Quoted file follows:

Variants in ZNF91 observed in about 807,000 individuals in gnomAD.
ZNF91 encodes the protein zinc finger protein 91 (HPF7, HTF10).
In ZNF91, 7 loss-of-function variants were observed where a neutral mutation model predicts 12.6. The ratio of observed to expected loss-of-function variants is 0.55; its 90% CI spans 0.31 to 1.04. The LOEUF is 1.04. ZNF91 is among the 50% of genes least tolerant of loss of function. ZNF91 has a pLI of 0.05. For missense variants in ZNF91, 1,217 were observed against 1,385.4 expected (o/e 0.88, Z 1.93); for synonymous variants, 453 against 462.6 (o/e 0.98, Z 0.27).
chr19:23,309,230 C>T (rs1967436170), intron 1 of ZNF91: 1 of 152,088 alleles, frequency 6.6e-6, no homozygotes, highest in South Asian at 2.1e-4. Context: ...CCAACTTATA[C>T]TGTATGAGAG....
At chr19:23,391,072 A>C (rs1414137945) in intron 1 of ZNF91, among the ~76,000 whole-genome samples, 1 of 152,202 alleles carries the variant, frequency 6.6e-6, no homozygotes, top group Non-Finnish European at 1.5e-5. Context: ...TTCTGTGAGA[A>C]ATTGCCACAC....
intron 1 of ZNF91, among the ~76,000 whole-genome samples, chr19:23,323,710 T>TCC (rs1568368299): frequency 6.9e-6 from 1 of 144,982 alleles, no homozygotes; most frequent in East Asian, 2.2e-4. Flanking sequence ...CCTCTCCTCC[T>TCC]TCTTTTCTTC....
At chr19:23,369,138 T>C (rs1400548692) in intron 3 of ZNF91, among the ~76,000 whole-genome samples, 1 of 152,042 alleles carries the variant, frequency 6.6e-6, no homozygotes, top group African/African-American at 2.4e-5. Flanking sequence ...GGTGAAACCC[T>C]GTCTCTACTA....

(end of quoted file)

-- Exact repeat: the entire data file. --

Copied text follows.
Variants in ZNF91 observed in about 807,000 individuals in gnomAD.
ZNF91 encodes the protein zinc finger protein 91 (HPF7, HTF10).
In ZNF91, 7 loss-of-function variants were observed where a neutral mutation model predicts 12.6. The ratio of observed to expected loss-of-function variants is 0.55; its 90% CI spans 0.31 to 1.04. The LOEUF is 1.04. ZNF91 is among the 50% of genes least tolerant of loss of function. ZNF91 has a pLI of 0.05. For missense variants in ZNF91, 1,217 were observed against 1,385.4 expected (o/e 0.88, Z 1.93); for synonymous variants, 453 against 462.6 (o/e 0.98, Z 0.27).
chr19:23,309,230 C>T (rs1967436170), intron 1 of ZNF91: 1 of 152,088 alleles, frequency 6.6e-6, no homozygotes, highest in South Asian at 2.1e-4. Context: ...CCAACTTATA[C>T]TGTATGAGAG....
At chr19:23,391,072 A>C (rs1414137945) in intron 1 of ZNF91, among the ~76,000 whole-genome samples, 1 of 152,202 alleles carries the variant, frequency 6.6e-6, no homozygotes, top group Non-Finnish European at 1.5e-5. Context: ...TTCTGTGAGA[A>C]ATTGCCACAC....
intron 1 of ZNF91, among the ~76,000 whole-genome samples, chr19:23,323,710 T>TCC (rs1568368299): frequency 6.9e-6 from 1 of 144,982 alleles, no homozygotes; most frequent in East Asian, 2.2e-4. Flanking sequence ...CCTCTCCTCC[T>TCC]TCTTTTCTTC....
At chr19:23,369,138 T>C (rs1400548692) in intron 3 of ZNF91, among the ~76,000 whole-genome samples, 1 of 152,042 alleles carries the variant, frequency 6.6e-6, no homozygotes, top group African/African-American at 2.4e-5. Flanking sequence ...GGTGAAACCC[T>C]GTCTCTACTA....